Information rights are generally something companies are stuck with in order to get investment capital. The only variation one sees is putting a threshold on the number of shares held (some finite number vs. “any”) for investors to continue to enjoy these rights.

Registration Rights are more tedious and tend to take up a page or more of the term sheet.  The typical clause(s) follows:

Registration Rights: Demand Rights: If Investors holding more than 50% of the outstanding shares of Series A Preferred, including Common Stock issued on conversion of Series A Preferred (“Registrable Securities”), or a lesser percentage if the anticipated aggregate offering price to the public is not less than $5,000,000, request that the Company file a Registration Statement, the Company will use its best efforts to cause such shares to be registered; provided, however, that the Company shall not be obligated to effect any such registration prior to the [third] anniversary of the Closing. The Company shall have the right to delay such registration under certain circumstances for one period not in excess of ninety (90) days in any twelve (12) month period.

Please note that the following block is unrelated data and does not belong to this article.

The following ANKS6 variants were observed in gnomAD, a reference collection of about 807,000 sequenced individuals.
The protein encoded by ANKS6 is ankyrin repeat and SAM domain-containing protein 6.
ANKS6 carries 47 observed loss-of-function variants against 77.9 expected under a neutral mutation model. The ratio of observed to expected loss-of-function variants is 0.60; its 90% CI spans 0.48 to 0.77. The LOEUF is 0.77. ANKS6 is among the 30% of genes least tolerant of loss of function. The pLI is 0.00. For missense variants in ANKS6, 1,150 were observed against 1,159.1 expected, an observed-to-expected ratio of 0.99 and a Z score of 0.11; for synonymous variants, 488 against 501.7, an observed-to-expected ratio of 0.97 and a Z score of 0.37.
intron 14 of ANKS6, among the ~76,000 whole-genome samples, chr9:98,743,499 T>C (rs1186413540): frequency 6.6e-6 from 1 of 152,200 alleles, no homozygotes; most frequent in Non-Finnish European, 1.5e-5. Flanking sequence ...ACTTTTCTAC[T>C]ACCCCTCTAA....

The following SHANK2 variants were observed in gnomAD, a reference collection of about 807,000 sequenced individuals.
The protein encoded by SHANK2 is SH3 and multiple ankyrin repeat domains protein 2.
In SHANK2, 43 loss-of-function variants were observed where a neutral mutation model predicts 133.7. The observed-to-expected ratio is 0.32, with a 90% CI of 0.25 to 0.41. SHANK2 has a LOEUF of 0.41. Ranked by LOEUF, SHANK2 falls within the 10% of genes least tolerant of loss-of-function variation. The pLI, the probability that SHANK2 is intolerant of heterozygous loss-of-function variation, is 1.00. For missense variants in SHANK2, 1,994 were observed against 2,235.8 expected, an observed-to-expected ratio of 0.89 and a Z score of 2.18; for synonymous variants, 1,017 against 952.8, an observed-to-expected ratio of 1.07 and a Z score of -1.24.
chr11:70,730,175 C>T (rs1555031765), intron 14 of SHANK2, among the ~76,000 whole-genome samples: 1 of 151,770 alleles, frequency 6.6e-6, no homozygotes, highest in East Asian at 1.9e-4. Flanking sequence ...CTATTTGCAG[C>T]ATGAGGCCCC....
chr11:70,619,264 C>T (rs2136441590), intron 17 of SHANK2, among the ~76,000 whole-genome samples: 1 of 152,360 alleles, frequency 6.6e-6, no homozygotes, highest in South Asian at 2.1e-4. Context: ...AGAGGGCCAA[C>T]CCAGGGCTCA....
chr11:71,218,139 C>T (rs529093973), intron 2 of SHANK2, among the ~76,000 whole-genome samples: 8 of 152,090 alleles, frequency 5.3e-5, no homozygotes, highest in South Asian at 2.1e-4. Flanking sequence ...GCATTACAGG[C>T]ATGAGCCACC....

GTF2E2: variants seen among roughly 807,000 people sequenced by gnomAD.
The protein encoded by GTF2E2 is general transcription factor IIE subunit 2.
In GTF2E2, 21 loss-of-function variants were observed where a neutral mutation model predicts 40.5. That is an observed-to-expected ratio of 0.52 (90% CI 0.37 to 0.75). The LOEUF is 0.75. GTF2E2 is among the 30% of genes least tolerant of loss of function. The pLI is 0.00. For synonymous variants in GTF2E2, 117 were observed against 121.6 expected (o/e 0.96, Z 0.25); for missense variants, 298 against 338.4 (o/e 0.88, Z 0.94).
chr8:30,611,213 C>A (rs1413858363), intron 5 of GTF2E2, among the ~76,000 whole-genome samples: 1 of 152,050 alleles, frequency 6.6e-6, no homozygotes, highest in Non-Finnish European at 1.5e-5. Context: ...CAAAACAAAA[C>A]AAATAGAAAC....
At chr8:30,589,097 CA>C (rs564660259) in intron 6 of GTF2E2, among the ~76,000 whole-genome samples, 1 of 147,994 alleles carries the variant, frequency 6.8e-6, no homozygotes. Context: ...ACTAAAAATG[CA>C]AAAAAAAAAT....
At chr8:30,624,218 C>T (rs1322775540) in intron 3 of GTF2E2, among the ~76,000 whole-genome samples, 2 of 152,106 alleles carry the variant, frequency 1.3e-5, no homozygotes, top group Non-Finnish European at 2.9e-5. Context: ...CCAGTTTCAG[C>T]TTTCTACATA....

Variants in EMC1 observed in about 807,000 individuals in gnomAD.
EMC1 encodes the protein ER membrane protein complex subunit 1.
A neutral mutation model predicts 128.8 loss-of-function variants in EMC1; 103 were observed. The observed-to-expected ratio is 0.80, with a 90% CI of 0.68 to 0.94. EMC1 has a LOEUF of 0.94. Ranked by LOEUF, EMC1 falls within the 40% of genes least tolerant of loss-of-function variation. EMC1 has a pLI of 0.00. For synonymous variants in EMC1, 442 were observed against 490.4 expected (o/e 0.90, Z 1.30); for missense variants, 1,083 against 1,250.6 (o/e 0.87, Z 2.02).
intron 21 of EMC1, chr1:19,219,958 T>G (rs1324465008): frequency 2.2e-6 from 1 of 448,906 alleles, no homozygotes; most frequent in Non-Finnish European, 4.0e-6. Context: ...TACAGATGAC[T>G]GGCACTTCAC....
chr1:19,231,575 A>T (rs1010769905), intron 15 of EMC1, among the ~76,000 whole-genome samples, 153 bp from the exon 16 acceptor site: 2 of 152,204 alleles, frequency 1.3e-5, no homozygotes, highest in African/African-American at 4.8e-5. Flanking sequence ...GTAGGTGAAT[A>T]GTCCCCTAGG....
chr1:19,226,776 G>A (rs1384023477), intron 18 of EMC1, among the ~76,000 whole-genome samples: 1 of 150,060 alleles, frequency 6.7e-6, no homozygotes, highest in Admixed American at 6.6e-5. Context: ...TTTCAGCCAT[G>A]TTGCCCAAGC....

The Company shall not be obligated to effect more than two (2) registrations under these demand right provisions, and shall not be obligated to effect a registration (i) during the one hundred eighty (180) day period commencing with the date of the Company’s initial public offering, or (ii) if it delivers notice to the holders of the Registrable Securities within thirty (30) days of any registration request of its intent to file a registration statement for such initial public offering within ninety (90) days.